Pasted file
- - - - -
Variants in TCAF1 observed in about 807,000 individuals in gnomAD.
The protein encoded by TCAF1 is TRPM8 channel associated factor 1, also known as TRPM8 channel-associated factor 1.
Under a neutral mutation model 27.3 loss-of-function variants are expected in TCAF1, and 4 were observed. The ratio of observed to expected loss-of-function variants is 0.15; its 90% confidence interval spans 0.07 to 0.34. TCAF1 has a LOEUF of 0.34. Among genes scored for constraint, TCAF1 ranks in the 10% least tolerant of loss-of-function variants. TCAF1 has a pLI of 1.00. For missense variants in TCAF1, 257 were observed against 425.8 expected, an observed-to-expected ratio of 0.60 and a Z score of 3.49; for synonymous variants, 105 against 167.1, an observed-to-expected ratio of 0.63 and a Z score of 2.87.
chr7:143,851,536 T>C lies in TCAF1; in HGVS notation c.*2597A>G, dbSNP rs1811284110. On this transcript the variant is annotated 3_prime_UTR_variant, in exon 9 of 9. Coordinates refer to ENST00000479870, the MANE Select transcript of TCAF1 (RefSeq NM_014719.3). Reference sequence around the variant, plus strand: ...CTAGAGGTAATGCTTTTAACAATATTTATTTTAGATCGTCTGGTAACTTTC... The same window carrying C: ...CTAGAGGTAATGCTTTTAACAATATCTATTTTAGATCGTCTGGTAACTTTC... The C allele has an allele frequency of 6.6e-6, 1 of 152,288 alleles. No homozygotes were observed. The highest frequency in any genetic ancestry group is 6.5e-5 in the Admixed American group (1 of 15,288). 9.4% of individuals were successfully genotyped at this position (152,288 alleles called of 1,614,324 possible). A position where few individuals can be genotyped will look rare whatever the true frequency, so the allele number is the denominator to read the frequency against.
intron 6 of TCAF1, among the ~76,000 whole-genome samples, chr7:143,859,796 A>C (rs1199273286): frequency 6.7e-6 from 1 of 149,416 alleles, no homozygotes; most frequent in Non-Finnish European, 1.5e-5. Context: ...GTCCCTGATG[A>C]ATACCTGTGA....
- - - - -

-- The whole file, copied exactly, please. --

Variants in TCAF1 observed in about 807,000 individuals in gnomAD.
The protein encoded by TCAF1 is TRPM8 channel associated factor 1, also known as TRPM8 channel-associated factor 1.
Under a neutral mutation model 27.3 loss-of-function variants are expected in TCAF1, and 4 were observed. The ratio of observed to expected loss-of-function variants is 0.15; its 90% confidence interval spans 0.07 to 0.34. TCAF1 has a LOEUF of 0.34. Among genes scored for constraint, TCAF1 ranks in the 10% least tolerant of loss-of-function variants. TCAF1 has a pLI of 1.00. For missense variants in TCAF1, 257 were observed against 425.8 expected, an observed-to-expected ratio of 0.60 and a Z score of 3.49; for synonymous variants, 105 against 167.1, an observed-to-expected ratio of 0.63 and a Z score of 2.87.
chr7:143,851,536 T>C lies in TCAF1; in HGVS notation c.*2597A>G, dbSNP rs1811284110. On this transcript the variant is annotated 3_prime_UTR_variant, in exon 9 of 9. Coordinates refer to ENST00000479870, the MANE Select transcript of TCAF1 (RefSeq NM_014719.3). Reference sequence around the variant, plus strand: ...CTAGAGGTAATGCTTTTAACAATATTTATTTTAGATCGTCTGGTAACTTTC... The same window carrying C: ...CTAGAGGTAATGCTTTTAACAATATCTATTTTAGATCGTCTGGTAACTTTC... The C allele has an allele frequency of 6.6e-6, 1 of 152,288 alleles. No homozygotes were observed. The highest frequency in any genetic ancestry group is 6.5e-5 in the Admixed American group (1 of 15,288). 9.4% of individuals were successfully genotyped at this position (152,288 alleles called of 1,614,324 possible). A position where few individuals can be genotyped will look rare whatever the true frequency, so the allele number is the denominator to read the frequency against.
intron 6 of TCAF1, among the ~76,000 whole-genome samples, chr7:143,859,796 A>C (rs1199273286): frequency 6.7e-6 from 1 of 149,416 alleles, no homozygotes; most frequent in Non-Finnish European, 1.5e-5. Context: ...GTCCCTGATG[A>C]ATACCTGTGA....